Is retirement approaching? Worried that you won’t have enough money? You have company. According to a recent study from the Transamerica Center for Retirement Studies, baby boomers have a median retirement savings balance of only $147,000.1 While that number may represent a good start, it’s unlikely to be sufficient to fund a long retirement.
Baby boomers face a number of unprecedented retirement challenges. Many don’t have pensions, which means they have to shoulder the burden of funding their expenses in retirement. Retirees also have to contend with a longer life span, which means they need to cover more years of spending. Health care is also a substantial area of expense.
Fortunately, it’s never too late to correct course. With careful planning and quick action, you can retake control of your retirement. Below are three steps you may want to consider. A financial professional can help you analyze your needs and implement the best course of action.
Delay your retirement.
One of the most effective ways to catch up on your savings is to delay your retirement date. While you may want to retire in your early or mid-60s, you can benefit greatly by putting retirement off for a few years. You get more time to save money, and you eliminate a few years of spending from your retirement.
If you delay your retirement, you also may be able to wait to file for Social Security. That could lead to an increased benefit. Social Security offers an 8 percent increase in benefits for every year past your full retirement age (FRA) that you wait to file. You can delay all the way to age 70, which means you could earn a cumulative 32 percent increase in your Social Security payments.2 That increased income could also help you overcome your savings shortfall.
Save more money.
An obvious strategy is to increase your annual retirement contributions. Of course, that’s easier said than done. You may feel that you’re already saving as much as possible. If you examine your spending and your budget, however, it’s likely that you may be able to find areas to cut back.
If you are age 50 or older, you can take advantage of catch-up contributions to put more money in your qualified accounts. In 2018 you can contribute as much as $18,500 to your 401(k). However, those age 50 and older can contribute an additional $6,000. Similarly, people age 50 and older can put an additional $1,000 into an IRA, on top of the standard $5,500 limit.3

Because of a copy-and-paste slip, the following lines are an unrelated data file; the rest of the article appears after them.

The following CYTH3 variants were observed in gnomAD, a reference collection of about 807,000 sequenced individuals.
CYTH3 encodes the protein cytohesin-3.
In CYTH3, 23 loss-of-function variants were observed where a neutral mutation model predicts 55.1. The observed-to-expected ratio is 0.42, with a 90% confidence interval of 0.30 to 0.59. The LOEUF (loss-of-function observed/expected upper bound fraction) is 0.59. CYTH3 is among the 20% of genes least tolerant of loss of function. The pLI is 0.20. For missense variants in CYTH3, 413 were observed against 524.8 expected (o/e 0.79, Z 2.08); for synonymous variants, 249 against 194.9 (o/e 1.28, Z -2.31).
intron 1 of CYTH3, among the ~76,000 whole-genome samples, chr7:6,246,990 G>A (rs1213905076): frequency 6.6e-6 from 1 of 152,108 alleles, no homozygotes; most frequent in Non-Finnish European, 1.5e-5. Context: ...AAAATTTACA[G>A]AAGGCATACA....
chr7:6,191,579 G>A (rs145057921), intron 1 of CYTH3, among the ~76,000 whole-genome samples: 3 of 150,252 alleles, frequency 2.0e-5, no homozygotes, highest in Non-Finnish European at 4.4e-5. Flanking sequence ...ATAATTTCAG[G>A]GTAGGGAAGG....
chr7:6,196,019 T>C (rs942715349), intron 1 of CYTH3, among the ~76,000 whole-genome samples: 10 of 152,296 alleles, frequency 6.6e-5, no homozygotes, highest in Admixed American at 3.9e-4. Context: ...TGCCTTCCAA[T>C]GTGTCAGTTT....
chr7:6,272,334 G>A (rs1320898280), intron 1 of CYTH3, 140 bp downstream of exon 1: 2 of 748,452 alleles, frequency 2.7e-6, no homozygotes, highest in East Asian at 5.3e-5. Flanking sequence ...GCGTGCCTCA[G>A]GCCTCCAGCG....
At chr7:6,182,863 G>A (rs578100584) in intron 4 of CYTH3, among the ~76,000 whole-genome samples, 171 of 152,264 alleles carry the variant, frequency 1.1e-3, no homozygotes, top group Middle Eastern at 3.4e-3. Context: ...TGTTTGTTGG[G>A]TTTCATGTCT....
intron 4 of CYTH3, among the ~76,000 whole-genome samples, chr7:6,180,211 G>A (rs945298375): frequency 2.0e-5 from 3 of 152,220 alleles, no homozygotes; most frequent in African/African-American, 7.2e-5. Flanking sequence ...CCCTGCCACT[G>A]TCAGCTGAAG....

Scale back your retirement spending.
It’s possible that you’re already saving as much as possible and you can’t delay your retirement any further. If so, you may want to cut back on your planned spending in retirement. Think of ways you can reduce your expenses. For example, you could downsize to a more affordable home or move to an area with a lower cost of living.
Also, don’t rule out the possibility of working in retirement. A part-time or seasonal job could give you supplemental income, which could help you minimize your withdrawals from your savings.
Ready to catch up on your retirement planning? Let’s talk about it. Contact us today at Thomas Financial. We can help you analyze your needs and develop a strategy. Let’s connect soon and start the conversation.
Licensed Insurance Professional. This information is designed to provide a general overview with regard to the subject matter covered and is not state specific. The authors, publisher and host are not providing legal, accounting or specific advice for your situation. By providing your information, you give consent to be contacted about the possible sale of an insurance or annuity product. This information has been provided by a Licensed Insurance Professional and does not necessarily represent the views of the presenting insurance professional. The statements and opinions expressed are those of the author and are subject to change at any time. All information is believed to be from reliable sources; however, presenting insurance professional makes no representation as to its completeness or accuracy. This material has been prepared for informational and educational purposes only. It is not intended to provide, and should not be relied upon for, accounting, legal, tax or investment advice. This information has been provided by a Licensed Insurance Professional and is not sponsored or endorsed by the Social Security Administration or any government agency.
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